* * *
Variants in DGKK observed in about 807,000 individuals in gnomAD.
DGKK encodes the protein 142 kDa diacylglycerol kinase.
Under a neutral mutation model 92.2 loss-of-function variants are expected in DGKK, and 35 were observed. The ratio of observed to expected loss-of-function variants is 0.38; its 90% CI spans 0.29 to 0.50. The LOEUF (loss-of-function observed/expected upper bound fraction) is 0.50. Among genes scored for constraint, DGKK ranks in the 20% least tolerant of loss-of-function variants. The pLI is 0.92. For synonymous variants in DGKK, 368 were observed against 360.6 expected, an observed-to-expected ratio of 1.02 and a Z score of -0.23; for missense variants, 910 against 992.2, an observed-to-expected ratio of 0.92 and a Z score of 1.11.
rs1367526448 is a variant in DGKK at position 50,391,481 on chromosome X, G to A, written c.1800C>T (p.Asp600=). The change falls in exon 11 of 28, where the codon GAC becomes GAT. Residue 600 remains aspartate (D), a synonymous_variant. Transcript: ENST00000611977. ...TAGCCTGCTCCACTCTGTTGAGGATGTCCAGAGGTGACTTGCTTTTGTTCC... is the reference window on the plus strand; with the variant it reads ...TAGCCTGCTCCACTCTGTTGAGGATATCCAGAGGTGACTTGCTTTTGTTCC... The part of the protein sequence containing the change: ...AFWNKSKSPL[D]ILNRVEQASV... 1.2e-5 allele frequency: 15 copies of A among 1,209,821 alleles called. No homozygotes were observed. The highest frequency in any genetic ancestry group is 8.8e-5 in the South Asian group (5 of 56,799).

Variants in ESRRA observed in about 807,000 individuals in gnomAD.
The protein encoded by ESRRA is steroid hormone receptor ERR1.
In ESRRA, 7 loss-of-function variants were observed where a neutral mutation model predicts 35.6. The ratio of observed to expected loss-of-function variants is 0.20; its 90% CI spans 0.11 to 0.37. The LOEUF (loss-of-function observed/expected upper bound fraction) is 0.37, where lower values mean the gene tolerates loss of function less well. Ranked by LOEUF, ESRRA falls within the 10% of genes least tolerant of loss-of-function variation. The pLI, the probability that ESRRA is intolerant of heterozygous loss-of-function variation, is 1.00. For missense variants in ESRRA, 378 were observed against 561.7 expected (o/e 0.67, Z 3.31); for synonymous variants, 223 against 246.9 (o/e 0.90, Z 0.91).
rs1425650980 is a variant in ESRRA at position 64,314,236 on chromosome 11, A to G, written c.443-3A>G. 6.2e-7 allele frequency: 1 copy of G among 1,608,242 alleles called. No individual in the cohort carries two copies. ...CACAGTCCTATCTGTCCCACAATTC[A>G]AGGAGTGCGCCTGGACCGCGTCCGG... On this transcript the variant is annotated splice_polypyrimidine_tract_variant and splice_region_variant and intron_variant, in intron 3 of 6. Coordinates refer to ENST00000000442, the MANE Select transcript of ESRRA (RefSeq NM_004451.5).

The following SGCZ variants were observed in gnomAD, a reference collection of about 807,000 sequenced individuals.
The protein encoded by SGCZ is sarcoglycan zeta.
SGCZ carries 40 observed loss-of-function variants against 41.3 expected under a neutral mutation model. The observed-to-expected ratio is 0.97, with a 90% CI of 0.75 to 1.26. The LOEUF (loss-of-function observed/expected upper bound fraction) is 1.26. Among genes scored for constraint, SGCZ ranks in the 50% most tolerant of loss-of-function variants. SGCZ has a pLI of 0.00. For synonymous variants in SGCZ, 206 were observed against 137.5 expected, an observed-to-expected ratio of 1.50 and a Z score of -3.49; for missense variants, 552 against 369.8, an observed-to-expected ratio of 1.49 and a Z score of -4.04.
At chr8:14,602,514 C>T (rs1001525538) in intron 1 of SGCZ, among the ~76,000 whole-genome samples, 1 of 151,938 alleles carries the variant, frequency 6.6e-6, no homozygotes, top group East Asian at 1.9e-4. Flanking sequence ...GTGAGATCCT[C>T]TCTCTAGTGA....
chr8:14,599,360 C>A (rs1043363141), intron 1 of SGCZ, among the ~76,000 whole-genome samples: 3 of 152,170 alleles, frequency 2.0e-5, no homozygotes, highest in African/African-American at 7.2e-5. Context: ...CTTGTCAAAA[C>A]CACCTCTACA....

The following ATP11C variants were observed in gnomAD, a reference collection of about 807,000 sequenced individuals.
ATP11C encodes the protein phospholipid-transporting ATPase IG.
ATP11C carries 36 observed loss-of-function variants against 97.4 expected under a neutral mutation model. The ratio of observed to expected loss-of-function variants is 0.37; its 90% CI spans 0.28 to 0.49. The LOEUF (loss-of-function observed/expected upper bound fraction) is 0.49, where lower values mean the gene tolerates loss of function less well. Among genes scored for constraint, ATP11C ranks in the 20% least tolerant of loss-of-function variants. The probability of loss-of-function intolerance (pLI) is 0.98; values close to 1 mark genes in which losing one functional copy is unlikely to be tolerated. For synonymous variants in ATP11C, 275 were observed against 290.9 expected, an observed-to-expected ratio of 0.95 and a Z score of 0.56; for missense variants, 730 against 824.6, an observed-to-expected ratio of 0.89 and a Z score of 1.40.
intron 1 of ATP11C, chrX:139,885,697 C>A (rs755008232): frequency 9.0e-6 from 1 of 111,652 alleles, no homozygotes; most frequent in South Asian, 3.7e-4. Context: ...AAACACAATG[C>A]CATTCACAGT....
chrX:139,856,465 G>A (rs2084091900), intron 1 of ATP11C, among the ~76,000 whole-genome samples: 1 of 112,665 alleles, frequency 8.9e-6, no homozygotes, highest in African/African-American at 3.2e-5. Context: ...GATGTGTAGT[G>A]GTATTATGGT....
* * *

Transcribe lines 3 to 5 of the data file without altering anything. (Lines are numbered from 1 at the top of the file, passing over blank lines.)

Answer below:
Under a neutral mutation model 92.2 loss-of-function variants are expected in DGKK, and 35 were observed. The ratio of observed to expected loss-of-function variants is 0.38; its 90% CI spans 0.29 to 0.50. The LOEUF (loss-of-function observed/expected upper bound fraction) is 0.50. Among genes scored for constraint, DGKK ranks in the 20% least tolerant of loss-of-function variants. The pLI is 0.92. For synonymous variants in DGKK, 368 were observed against 360.6 expected, an observed-to-expected ratio of 1.02 and a Z score of -0.23; for missense variants, 910 against 992.2, an observed-to-expected ratio of 0.92 and a Z score of 1.11.
rs1367526448 is a variant in DGKK at position 50,391,481 on chromosome X, G to A, written c.1800C>T (p.Asp600=). The change falls in exon 11 of 28, where the codon GAC becomes GAT. Residue 600 remains aspartate (D), a synonymous_variant. Transcript: ENST00000611977. ...TAGCCTGCTCCACTCTGTTGAGGATGTCCAGAGGTGACTTGCTTTTGTTCC... is the reference window on the plus strand; with the variant it reads ...TAGCCTGCTCCACTCTGTTGAGGATATCCAGAGGTGACTTGCTTTTGTTCC... The part of the protein sequence containing the change: ...AFWNKSKSPL[D]ILNRVEQASV... 1.2e-5 allele frequency: 15 copies of A among 1,209,821 alleles called. No homozygotes were observed. The highest frequency in any genetic ancestry group is 8.8e-5 in the South Asian group (5 of 56,799).

Variants in ESRRA observed in about 807,000 individuals in gnomAD.